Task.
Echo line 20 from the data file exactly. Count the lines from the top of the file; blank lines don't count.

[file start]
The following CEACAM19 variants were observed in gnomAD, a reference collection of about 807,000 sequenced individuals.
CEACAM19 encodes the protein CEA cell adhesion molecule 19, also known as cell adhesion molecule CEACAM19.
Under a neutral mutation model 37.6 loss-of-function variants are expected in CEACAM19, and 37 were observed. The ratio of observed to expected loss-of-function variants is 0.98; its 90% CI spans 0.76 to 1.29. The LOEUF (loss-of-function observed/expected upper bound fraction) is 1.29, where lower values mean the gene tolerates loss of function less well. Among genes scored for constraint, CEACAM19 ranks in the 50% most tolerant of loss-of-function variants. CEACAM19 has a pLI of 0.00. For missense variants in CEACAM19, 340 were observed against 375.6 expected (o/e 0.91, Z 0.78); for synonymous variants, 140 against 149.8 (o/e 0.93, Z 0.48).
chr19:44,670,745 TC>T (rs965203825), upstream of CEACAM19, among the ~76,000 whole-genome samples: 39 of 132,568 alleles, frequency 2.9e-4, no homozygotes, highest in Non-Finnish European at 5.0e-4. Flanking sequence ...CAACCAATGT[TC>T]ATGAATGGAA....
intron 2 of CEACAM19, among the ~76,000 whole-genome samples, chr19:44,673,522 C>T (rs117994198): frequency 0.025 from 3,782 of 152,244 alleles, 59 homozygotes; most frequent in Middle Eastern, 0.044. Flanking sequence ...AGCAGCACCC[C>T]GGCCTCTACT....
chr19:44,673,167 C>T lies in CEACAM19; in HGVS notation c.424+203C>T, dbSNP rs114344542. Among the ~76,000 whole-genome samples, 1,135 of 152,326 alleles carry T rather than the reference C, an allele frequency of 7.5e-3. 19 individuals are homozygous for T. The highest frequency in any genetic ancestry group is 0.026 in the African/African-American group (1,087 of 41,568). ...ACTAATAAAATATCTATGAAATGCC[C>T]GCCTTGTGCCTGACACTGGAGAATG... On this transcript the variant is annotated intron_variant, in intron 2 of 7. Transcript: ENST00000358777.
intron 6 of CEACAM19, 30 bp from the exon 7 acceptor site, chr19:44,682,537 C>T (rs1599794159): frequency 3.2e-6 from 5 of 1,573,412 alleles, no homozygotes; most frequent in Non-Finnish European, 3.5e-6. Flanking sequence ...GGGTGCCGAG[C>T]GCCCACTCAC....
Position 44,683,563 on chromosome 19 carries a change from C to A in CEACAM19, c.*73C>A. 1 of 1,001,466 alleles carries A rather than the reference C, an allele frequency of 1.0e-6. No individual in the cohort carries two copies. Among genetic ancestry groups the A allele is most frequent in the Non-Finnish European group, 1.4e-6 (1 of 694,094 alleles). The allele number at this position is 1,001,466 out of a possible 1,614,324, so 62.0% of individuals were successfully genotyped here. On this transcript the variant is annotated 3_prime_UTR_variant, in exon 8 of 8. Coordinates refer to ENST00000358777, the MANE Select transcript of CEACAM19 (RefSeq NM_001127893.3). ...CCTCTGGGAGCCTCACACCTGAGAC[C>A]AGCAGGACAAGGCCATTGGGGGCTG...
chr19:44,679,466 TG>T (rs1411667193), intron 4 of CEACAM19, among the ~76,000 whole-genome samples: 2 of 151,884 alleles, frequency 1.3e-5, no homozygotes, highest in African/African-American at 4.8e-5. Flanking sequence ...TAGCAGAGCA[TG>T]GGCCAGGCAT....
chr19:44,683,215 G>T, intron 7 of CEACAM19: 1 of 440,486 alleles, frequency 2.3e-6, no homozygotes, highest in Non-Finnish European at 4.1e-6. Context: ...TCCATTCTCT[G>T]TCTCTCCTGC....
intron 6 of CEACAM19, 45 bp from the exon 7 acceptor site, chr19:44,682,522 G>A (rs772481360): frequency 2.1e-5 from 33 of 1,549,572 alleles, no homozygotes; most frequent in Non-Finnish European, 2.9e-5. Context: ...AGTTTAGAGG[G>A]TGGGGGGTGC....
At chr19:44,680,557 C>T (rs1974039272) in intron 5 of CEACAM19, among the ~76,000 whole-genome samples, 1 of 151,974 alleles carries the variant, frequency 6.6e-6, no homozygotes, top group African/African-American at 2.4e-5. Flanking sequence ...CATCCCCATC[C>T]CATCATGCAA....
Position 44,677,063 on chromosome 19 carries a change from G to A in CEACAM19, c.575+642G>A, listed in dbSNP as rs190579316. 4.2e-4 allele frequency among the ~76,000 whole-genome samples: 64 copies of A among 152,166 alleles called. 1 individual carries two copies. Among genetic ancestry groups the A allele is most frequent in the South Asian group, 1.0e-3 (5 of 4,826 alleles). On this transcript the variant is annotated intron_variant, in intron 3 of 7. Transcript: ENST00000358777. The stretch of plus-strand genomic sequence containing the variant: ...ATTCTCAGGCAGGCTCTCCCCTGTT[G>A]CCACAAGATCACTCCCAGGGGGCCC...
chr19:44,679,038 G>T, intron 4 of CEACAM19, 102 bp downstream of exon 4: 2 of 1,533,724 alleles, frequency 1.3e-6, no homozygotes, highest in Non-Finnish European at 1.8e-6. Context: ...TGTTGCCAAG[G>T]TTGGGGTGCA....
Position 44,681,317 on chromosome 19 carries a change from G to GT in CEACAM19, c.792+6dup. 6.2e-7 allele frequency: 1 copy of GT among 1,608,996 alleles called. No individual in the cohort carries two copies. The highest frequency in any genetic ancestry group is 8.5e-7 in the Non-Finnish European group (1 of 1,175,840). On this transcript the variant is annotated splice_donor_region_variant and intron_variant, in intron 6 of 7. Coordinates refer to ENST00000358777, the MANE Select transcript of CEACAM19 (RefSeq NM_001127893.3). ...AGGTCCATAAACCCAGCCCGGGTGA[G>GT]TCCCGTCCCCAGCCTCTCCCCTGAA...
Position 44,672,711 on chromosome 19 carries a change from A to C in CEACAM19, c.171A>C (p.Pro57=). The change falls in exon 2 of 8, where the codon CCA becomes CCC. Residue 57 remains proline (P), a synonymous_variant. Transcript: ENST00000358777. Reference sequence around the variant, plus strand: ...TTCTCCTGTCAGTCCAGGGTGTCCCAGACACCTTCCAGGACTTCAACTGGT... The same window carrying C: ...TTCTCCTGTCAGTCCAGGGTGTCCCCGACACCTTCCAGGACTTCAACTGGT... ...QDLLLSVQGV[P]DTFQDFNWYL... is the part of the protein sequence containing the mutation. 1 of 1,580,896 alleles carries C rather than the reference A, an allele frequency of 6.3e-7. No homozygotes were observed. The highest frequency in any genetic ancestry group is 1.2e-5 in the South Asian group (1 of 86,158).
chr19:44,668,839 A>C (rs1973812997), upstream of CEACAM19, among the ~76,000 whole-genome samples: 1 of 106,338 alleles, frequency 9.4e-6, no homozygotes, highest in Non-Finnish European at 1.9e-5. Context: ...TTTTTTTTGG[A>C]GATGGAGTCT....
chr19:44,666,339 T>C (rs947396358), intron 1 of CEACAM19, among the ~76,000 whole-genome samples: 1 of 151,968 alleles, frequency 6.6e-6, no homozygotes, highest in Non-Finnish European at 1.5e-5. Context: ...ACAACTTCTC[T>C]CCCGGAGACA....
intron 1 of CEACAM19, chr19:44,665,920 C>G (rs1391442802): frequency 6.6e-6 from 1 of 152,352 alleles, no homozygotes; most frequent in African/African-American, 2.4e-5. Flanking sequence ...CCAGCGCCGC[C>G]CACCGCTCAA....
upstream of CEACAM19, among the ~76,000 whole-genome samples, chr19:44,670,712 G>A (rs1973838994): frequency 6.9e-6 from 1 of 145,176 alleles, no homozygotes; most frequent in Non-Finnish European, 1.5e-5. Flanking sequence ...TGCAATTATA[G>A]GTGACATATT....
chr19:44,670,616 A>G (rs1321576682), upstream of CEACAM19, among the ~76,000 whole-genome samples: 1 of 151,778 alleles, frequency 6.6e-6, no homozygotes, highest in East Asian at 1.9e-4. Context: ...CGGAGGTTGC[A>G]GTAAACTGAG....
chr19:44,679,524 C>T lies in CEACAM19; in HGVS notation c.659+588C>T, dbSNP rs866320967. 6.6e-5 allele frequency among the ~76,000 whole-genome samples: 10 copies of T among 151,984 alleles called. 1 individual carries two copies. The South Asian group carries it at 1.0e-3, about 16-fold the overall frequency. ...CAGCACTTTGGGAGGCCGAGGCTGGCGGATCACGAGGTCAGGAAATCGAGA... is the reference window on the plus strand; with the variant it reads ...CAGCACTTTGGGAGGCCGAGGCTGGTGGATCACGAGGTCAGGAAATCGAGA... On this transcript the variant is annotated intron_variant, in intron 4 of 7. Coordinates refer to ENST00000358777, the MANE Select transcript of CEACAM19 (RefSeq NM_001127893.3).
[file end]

upstream of CEACAM19, among the ~76,000 whole-genome samples, chr19:44,670,712 G>A (rs1973838994): frequency 6.9e-6 from 1 of 145,176 alleles, no homozygotes; most frequent in Non-Finnish European, 1.5e-5. Flanking sequence ...TGCAATTATA[G>A]GTGACATATT....